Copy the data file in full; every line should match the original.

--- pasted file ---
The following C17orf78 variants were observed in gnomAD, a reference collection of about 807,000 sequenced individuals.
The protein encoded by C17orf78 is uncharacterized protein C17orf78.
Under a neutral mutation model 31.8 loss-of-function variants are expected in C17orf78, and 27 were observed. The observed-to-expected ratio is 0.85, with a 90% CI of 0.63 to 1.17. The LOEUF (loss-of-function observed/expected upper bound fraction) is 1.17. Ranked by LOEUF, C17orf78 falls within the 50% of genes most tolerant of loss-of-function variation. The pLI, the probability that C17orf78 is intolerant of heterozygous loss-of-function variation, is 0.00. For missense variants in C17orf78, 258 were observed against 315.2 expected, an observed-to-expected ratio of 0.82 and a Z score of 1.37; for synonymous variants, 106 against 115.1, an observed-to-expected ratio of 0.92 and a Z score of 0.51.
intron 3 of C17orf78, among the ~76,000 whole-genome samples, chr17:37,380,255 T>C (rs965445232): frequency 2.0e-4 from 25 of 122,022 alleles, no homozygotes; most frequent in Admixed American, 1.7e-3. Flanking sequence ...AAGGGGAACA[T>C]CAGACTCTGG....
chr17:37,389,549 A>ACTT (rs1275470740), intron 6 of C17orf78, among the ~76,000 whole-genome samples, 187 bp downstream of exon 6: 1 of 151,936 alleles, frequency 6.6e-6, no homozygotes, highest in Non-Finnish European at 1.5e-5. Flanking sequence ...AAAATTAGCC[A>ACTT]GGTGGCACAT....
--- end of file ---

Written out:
The following C17orf78 variants were observed in gnomAD, a reference collection of about 807,000 sequenced individuals.
The protein encoded by C17orf78 is uncharacterized protein C17orf78.
Under a neutral mutation model 31.8 loss-of-function variants are expected in C17orf78, and 27 were observed. The observed-to-expected ratio is 0.85, with a 90% CI of 0.63 to 1.17. The LOEUF (loss-of-function observed/expected upper bound fraction) is 1.17. Ranked by LOEUF, C17orf78 falls within the 50% of genes most tolerant of loss-of-function variation. The pLI, the probability that C17orf78 is intolerant of heterozygous loss-of-function variation, is 0.00. For missense variants in C17orf78, 258 were observed against 315.2 expected, an observed-to-expected ratio of 0.82 and a Z score of 1.37; for synonymous variants, 106 against 115.1, an observed-to-expected ratio of 0.92 and a Z score of 0.51.
intron 3 of C17orf78, among the ~76,000 whole-genome samples, chr17:37,380,255 T>C (rs965445232): frequency 2.0e-4 from 25 of 122,022 alleles, no homozygotes; most frequent in Admixed American, 1.7e-3. Flanking sequence ...AAGGGGAACA[T>C]CAGACTCTGG....
chr17:37,389,549 A>ACTT (rs1275470740), intron 6 of C17orf78, among the ~76,000 whole-genome samples, 187 bp downstream of exon 6: 1 of 151,936 alleles, frequency 6.6e-6, no homozygotes, highest in Non-Finnish European at 1.5e-5. Flanking sequence ...AAAATTAGCC[A>ACTT]GGTGGCACAT....